The cursed manga ending

Many of us will have experienced the frustration of getting invested in an anime adaptation of some manga or light novel, only for the anime to end while the source material is still ongoing, or perhaps deliberately deciding not to adapt the whole of the story. It sucks not getting a complete experience or having to move to a different medium to finish what you started. In recent times, however, I have noticed a different trend: original stories that have endings so extreme that they change the entire experience the series.

Allow me to elaborate.

Spoilers from here on out, please pay attention to anime titles printed in bold & italic.

A famous example in anime is Bunny Drop, of course. The anime is a highly-acclaimed, emotional story about a man learning what it takes and means to be a father, as he one day finds himself charged with the guardianship of an abandoned relative. The anime ran for 11 episodes and received much praise for the parent-child relationship between protagonists Daikichi and Rin, but it only adapted about half of Bunny Drop‘s 9 volume manga. The manga by Yumi Unita would go through a 10-year timeskip, putting Daikichi in his 40s and Rin in the middle of her teenage years. In volumes 8 & 9, Rin falls in love with Daikichi and the manga concludes on them deliberating about marrying and having children of their own.

Most fans were disgusted with this ending and have either wholly disowned it or lost interest in Bunny Drop completely. Knowing that the relationship between Daikichi and Rin develops from father & adopted child into lovers nearly 3 decades apart in age is unsettling. It changes your perception of these characters and puts many of their earlier interactions, Rin’s entire childhood, in an entirely different light.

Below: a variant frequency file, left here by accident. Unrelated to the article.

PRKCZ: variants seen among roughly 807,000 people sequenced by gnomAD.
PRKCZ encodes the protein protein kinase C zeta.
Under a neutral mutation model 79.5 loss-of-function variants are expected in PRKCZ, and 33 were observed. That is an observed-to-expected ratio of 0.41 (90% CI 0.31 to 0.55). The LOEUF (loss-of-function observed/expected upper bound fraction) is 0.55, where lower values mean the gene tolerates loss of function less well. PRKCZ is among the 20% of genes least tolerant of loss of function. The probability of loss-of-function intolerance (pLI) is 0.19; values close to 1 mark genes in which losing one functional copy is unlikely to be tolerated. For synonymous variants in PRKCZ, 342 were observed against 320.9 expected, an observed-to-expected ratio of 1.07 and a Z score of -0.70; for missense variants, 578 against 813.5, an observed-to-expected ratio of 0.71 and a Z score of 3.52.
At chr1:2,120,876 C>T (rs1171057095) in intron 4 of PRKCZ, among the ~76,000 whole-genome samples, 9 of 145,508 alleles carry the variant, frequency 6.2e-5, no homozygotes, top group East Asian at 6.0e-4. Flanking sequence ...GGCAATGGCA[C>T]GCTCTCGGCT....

Bunny Drop live-action film (picture by Letterboxd)

The Bunny Drop anime leaves this part of the story untold, but knowing that the author intended it to go this route makes even the “incomplete” anime uncomfortable in retrospect. Some are able to ignore this and enjoy the anime as if its exists in a vacuum, others can not. And I can’t blame them for that.

I was planning to list off a few other series where the manga ending can ruin the anime, but even knowing that a series has a controversial, un-adapted ending can discourage people from trying it, so I’ll restrain myself. Instead, let’s discuss a positive example.

In this week’s review of Sayonara, Zetsubou Sensei I complained at length about the pointlessness of the romantic subplot between the cynical high school teacher Nozomu and the various students vying for his heart. It’s never progressed much and was left inconclusive when the anime ended after 3 seasons, but Koji Kumeta’s manga kept going for a few more years after. This manga ending was as bizarre as one would expect from the franchise and severely changed every female character involved, while also giving Nozomu an age-gap romance not entirely incomparable to that of Bunny Drop.

Strangely, I actually find that knowing about the manga’s ending makes me more positive about the anime in restrospect. It’s nice knowing that the romantic nonsense would’ve gone somewhere if I’d read the source material, and that all the standalone storylines actually did lead up to something. It doesn’t salvage the whole series for me and I certainly don’t feel triggered to seek out the manga, but at least I found some closure for this damn franchise.

The final conclusion is that one should be cautious when probing the source material for a conclusive ending. It may be annoying not knowing for sure what the author wanted to happen and, maybe, they had something amazing in mind that you totally wanted to see as well. But there is no going back if you discover that a story was going to pan out differently from what you expected or wanted. Do you take the risk knowing that it may forever taint an otherwise good adaptation?

Ignorance my bliss, my dear friends.

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